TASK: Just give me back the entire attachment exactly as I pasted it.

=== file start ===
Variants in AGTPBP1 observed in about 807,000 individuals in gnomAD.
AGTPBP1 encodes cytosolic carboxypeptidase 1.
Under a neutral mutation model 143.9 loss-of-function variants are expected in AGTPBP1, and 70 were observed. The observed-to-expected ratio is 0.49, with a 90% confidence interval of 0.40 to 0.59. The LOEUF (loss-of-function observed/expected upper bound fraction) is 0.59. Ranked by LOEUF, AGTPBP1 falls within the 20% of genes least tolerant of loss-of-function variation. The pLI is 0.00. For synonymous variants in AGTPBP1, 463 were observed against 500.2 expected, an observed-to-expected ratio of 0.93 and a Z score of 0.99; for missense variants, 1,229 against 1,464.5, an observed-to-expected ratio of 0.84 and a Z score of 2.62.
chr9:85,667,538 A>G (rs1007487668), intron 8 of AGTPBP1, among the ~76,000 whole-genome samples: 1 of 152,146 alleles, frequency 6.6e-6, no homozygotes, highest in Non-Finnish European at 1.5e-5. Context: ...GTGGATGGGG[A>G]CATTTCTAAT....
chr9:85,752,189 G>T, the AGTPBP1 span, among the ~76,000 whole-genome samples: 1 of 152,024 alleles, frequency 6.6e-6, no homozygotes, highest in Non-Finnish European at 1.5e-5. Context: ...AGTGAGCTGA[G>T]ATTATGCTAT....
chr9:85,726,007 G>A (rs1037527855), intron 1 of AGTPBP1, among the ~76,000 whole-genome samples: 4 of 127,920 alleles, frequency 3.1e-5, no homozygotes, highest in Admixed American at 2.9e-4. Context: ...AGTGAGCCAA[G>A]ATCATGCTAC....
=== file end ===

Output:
Variants in AGTPBP1 observed in about 807,000 individuals in gnomAD.
AGTPBP1 encodes cytosolic carboxypeptidase 1.
Under a neutral mutation model 143.9 loss-of-function variants are expected in AGTPBP1, and 70 were observed. The observed-to-expected ratio is 0.49, with a 90% confidence interval of 0.40 to 0.59. The LOEUF (loss-of-function observed/expected upper bound fraction) is 0.59. Ranked by LOEUF, AGTPBP1 falls within the 20% of genes least tolerant of loss-of-function variation. The pLI is 0.00. For synonymous variants in AGTPBP1, 463 were observed against 500.2 expected, an observed-to-expected ratio of 0.93 and a Z score of 0.99; for missense variants, 1,229 against 1,464.5, an observed-to-expected ratio of 0.84 and a Z score of 2.62.
chr9:85,667,538 A>G (rs1007487668), intron 8 of AGTPBP1, among the ~76,000 whole-genome samples: 1 of 152,146 alleles, frequency 6.6e-6, no homozygotes, highest in Non-Finnish European at 1.5e-5. Context: ...GTGGATGGGG[A>G]CATTTCTAAT....
chr9:85,752,189 G>T, the AGTPBP1 span, among the ~76,000 whole-genome samples: 1 of 152,024 alleles, frequency 6.6e-6, no homozygotes, highest in Non-Finnish European at 1.5e-5. Context: ...AGTGAGCTGA[G>T]ATTATGCTAT....
chr9:85,726,007 G>A (rs1037527855), intron 1 of AGTPBP1, among the ~76,000 whole-genome samples: 4 of 127,920 alleles, frequency 3.1e-5, no homozygotes, highest in Admixed American at 2.9e-4. Context: ...AGTGAGCCAA[G>A]ATCATGCTAC....